For example, there might be a “Share on Facebook” link, but in order to share the content the user first needs to login to their account. The phishing attempt simply stored the user’s credentials instead of sending them to their Facebook account. Some of the more advanced ones store a copy of the user’s input, and then supply that information to the actual Facebook login page. To the user, it looks as though they have genuinely logged into Facebook, when in fact, they first visited a phishing site.
Believe it or not, it isn’t that difficult to clone a website. All an attacker needs is a fake page and a passable URL that is extremely close to the real URL. Furthermore, attackers can mass email these links to email lists that are purchased online – and they’re dirt cheap, too. Though it is 2016 and phishing filters are becoming increasingly sophisticated, they’re not perfect.
How to Prevent This Attack
There are a few simple and basic things users can do to prevent becoming the next victim of a phishing attack as follows:
- Never follow links from emails, especially those that come from sources you don’t already know. If you think you can trust the sender, always check the URL of the link before visiting the page. However, it’s better to visit the website directly.
- Always check links on forums, websites, chatrooms, etc. Believe it or not, even popup ads can contain bogus links to phishing sites. If it doesn’t look legitimate, don’t click on it!
- Always use anti-virus and security software. Many of them include phishing filters that will stop users from visiting phishing sites.
4: Stealing Cookies
Cookies are a necessary evil for some sites, but too often users lazily store their login credentials in browser cookies without knowing any better. But an attacker doesn’t always need access to a target’s computer to steal a cookie. There are many sniffing techniques that can be performed across a LAN, such as the wireless network in a coffee shop. Once the cookie has been stolen, the hacker can then load the cookie into their browser, fooling Facebook into believing that the victim has already logged into their account.
For example, an attacker could utilize Firesheep, which is an add-on for Firefox that sniffs traffic on Wi-Fi networks to steal cookies and store them within the attacker’s web browser. Once the attacker has stolen the cookie, they can login to the target’s Facebook account, provided that the target is still logged in. Then, the attacker can change the password of the profile. However, if the victim logs out of Facebook, the cookie will be worthless.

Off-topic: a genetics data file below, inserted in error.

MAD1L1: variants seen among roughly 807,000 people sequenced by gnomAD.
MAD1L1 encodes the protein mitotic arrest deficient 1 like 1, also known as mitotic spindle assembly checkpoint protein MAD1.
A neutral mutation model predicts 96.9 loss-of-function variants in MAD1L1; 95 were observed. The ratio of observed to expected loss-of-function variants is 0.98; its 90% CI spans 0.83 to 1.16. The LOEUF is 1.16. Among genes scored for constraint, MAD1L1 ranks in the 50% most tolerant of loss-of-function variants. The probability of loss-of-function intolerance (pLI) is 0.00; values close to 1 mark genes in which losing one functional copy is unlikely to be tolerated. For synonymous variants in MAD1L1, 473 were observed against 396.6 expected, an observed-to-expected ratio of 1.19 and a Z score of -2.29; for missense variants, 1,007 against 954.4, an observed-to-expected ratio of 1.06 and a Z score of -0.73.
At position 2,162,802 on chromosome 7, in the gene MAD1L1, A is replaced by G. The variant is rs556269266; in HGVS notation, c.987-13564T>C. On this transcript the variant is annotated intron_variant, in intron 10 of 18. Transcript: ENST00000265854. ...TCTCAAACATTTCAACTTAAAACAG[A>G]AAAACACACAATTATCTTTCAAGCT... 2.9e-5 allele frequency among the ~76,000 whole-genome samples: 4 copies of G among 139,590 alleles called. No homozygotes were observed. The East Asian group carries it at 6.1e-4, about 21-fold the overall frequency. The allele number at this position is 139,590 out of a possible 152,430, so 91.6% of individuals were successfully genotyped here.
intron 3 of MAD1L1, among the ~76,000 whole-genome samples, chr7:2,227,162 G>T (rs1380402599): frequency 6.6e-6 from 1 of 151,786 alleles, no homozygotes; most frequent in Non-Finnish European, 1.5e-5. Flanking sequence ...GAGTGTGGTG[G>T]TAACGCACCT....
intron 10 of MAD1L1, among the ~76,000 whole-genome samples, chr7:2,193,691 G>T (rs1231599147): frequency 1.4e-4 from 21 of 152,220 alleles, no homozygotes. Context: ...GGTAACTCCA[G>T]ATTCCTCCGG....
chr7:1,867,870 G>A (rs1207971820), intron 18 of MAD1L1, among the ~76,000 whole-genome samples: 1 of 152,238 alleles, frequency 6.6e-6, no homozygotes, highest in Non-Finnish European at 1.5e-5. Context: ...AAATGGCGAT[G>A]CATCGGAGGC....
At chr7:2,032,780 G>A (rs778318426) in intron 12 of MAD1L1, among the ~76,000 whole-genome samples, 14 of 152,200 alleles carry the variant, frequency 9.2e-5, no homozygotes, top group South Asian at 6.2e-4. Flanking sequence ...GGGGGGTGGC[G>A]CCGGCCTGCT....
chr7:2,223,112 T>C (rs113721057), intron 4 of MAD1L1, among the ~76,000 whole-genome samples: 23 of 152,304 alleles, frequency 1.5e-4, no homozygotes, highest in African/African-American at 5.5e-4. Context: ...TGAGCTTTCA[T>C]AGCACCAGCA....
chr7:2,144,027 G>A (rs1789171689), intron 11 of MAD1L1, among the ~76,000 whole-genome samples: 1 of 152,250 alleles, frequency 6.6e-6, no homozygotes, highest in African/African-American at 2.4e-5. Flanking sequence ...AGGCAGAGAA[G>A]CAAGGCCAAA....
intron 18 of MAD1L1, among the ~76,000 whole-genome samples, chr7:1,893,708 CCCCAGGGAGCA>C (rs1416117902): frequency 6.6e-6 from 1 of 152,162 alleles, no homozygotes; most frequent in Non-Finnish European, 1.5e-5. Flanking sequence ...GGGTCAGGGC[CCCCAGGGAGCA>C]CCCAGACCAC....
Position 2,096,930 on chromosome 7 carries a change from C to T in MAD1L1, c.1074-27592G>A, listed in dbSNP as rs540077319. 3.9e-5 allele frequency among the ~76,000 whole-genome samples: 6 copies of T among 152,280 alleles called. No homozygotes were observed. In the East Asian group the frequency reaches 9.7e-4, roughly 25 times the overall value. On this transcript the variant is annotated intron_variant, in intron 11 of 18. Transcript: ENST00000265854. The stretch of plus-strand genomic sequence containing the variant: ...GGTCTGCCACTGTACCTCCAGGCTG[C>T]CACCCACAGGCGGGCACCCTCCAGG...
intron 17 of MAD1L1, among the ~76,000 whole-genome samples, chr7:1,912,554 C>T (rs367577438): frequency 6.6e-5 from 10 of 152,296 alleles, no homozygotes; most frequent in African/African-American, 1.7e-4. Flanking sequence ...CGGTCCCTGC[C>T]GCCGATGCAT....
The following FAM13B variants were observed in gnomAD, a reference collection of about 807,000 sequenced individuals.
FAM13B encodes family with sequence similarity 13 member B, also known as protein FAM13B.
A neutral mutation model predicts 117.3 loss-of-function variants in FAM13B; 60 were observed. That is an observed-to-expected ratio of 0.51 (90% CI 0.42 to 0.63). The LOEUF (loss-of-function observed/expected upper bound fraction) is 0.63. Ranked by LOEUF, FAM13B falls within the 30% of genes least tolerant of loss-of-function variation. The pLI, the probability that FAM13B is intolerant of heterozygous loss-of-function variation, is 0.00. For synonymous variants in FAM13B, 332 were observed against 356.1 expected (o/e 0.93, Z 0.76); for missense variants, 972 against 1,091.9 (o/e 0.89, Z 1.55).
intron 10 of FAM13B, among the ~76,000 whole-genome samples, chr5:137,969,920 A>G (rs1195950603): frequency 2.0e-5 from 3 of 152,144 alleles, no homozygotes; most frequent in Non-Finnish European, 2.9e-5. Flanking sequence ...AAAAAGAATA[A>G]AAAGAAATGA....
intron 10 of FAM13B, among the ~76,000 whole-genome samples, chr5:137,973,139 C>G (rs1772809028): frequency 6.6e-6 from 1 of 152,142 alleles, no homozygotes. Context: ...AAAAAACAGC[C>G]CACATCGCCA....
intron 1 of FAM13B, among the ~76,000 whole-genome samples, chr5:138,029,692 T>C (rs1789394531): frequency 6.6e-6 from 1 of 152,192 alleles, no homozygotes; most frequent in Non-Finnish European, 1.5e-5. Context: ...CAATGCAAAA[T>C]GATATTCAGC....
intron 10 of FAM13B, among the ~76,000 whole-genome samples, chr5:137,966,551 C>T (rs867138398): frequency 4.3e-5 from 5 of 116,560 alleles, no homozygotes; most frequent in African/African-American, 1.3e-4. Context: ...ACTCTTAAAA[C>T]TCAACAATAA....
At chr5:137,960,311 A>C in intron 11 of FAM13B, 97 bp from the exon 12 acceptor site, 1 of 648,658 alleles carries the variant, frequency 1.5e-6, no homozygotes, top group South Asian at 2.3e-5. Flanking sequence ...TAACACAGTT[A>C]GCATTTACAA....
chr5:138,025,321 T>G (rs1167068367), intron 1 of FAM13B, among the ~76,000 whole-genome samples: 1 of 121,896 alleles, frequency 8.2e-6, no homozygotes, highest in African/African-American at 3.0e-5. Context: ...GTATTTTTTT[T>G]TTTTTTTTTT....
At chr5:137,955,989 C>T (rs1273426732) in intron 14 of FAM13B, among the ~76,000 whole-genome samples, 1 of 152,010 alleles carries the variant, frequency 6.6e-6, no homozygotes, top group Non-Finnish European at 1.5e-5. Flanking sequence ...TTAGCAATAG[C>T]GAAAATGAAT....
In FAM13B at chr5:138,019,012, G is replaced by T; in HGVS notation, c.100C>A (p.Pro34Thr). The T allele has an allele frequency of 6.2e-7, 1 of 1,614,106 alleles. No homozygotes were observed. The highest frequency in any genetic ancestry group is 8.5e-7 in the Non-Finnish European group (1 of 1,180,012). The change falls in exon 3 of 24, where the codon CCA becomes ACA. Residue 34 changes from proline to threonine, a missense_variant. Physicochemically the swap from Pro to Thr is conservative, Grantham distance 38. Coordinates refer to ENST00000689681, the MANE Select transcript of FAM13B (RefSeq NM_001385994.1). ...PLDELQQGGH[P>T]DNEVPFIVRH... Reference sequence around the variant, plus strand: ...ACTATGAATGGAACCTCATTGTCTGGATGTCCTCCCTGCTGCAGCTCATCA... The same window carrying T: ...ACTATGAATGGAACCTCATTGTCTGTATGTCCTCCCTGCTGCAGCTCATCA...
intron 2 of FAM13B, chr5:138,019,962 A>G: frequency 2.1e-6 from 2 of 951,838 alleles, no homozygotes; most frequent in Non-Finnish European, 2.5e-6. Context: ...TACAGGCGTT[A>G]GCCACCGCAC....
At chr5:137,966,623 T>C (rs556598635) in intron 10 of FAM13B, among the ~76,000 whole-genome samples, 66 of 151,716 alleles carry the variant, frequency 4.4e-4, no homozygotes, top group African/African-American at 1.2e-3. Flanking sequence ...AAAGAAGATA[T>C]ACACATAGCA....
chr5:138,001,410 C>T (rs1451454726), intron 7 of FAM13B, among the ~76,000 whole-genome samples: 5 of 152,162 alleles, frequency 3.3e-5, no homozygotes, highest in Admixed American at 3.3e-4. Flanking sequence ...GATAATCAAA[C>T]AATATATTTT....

Final Thoughts on Facebook Security and Attack Prevention
There are also some general techniques and best practices to avoid becoming the next victim of a Facebook attack. Some of them should be common sense, but too many users fail to give security a second thought.
- Only use trusted wireless networks. If you need an Internet connection and happen to spot an unknown SSID, it’s in your best interest to leave it alone.
- Within your Facebook profile, click on Account Settings and look in the Security Enable Secure Browsing, and make sure you always use HTTPS to prevent cookie theft.
- Always log out after you are finished browsing Facebook to prevent a cookie attack. Too many users simply click the “X” in their tab or browser, which doesn’t log you out.
- Connect using a VPN connection. This will encrypt all of your data before sending it to the VPN server, so local network attackers won’t be able to see what data you’re transmitting.
- Less is more. Though users are frequently tempted to share their personal information with the world, you would do well to limit how much information you post online. Make sure private information such as email addresses, current location, and other similar information isn’t shared on Facebook.
- Only befriend people that you trust. There are too many scams circulating that try to build trust with a target and thus hack your Facebook account. The only problem is you have no idea who these strangers are, and more often than not, they’re trying to take advantage of you.